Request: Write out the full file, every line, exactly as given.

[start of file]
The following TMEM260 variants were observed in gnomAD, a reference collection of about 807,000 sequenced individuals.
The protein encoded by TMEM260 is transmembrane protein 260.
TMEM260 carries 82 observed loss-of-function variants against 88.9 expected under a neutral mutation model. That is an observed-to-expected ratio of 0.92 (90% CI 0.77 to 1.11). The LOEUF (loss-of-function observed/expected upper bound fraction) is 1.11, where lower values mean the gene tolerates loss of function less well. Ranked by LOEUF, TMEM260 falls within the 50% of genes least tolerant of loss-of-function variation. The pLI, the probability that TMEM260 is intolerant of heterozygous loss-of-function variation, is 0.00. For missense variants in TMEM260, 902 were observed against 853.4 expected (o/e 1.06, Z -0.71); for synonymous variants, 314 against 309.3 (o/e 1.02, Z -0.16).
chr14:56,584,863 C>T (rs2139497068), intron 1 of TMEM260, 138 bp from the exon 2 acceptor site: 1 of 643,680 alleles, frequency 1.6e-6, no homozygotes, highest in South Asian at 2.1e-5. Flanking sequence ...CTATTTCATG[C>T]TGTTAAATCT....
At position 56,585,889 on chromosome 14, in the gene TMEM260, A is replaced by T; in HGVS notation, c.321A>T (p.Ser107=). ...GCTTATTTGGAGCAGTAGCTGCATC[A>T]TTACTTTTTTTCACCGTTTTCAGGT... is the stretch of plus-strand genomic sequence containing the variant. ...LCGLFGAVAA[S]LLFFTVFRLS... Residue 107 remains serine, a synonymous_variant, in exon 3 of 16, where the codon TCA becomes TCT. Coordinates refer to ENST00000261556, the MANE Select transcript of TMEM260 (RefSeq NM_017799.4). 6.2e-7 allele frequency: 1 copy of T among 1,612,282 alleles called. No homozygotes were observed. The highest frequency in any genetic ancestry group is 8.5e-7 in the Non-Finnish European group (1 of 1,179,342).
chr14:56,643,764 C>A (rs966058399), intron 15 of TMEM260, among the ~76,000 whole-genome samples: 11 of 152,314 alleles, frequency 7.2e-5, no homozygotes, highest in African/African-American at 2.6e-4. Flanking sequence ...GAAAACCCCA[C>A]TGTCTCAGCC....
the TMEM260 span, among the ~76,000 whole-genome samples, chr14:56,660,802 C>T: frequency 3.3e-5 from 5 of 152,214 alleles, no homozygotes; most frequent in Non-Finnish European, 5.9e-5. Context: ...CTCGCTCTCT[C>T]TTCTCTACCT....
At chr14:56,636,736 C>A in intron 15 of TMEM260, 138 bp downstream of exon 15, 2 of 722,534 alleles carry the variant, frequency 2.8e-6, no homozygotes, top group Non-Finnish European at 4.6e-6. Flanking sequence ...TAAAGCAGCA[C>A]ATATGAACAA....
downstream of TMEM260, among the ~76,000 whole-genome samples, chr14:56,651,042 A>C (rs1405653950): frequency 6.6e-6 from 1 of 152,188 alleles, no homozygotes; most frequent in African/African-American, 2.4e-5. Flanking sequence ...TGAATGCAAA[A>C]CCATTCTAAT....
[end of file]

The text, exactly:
The following TMEM260 variants were observed in gnomAD, a reference collection of about 807,000 sequenced individuals.
The protein encoded by TMEM260 is transmembrane protein 260.
TMEM260 carries 82 observed loss-of-function variants against 88.9 expected under a neutral mutation model. That is an observed-to-expected ratio of 0.92 (90% CI 0.77 to 1.11). The LOEUF (loss-of-function observed/expected upper bound fraction) is 1.11, where lower values mean the gene tolerates loss of function less well. Ranked by LOEUF, TMEM260 falls within the 50% of genes least tolerant of loss-of-function variation. The pLI, the probability that TMEM260 is intolerant of heterozygous loss-of-function variation, is 0.00. For missense variants in TMEM260, 902 were observed against 853.4 expected (o/e 1.06, Z -0.71); for synonymous variants, 314 against 309.3 (o/e 1.02, Z -0.16).
chr14:56,584,863 C>T (rs2139497068), intron 1 of TMEM260, 138 bp from the exon 2 acceptor site: 1 of 643,680 alleles, frequency 1.6e-6, no homozygotes, highest in South Asian at 2.1e-5. Flanking sequence ...CTATTTCATG[C>T]TGTTAAATCT....
At position 56,585,889 on chromosome 14, in the gene TMEM260, A is replaced by T; in HGVS notation, c.321A>T (p.Ser107=). ...GCTTATTTGGAGCAGTAGCTGCATC[A>T]TTACTTTTTTTCACCGTTTTCAGGT... is the stretch of plus-strand genomic sequence containing the variant. ...LCGLFGAVAA[S]LLFFTVFRLS... Residue 107 remains serine, a synonymous_variant, in exon 3 of 16, where the codon TCA becomes TCT. Coordinates refer to ENST00000261556, the MANE Select transcript of TMEM260 (RefSeq NM_017799.4). 6.2e-7 allele frequency: 1 copy of T among 1,612,282 alleles called. No homozygotes were observed. The highest frequency in any genetic ancestry group is 8.5e-7 in the Non-Finnish European group (1 of 1,179,342).
chr14:56,643,764 C>A (rs966058399), intron 15 of TMEM260, among the ~76,000 whole-genome samples: 11 of 152,314 alleles, frequency 7.2e-5, no homozygotes, highest in African/African-American at 2.6e-4. Flanking sequence ...GAAAACCCCA[C>A]TGTCTCAGCC....
the TMEM260 span, among the ~76,000 whole-genome samples, chr14:56,660,802 C>T: frequency 3.3e-5 from 5 of 152,214 alleles, no homozygotes; most frequent in Non-Finnish European, 5.9e-5. Context: ...CTCGCTCTCT[C>T]TTCTCTACCT....
At chr14:56,636,736 C>A in intron 15 of TMEM260, 138 bp downstream of exon 15, 2 of 722,534 alleles carry the variant, frequency 2.8e-6, no homozygotes, top group Non-Finnish European at 4.6e-6. Flanking sequence ...TAAAGCAGCA[C>A]ATATGAACAA....
downstream of TMEM260, among the ~76,000 whole-genome samples, chr14:56,651,042 A>C (rs1405653950): frequency 6.6e-6 from 1 of 152,188 alleles, no homozygotes; most frequent in African/African-American, 2.4e-5. Flanking sequence ...TGAATGCAAA[A>C]CCATTCTAAT....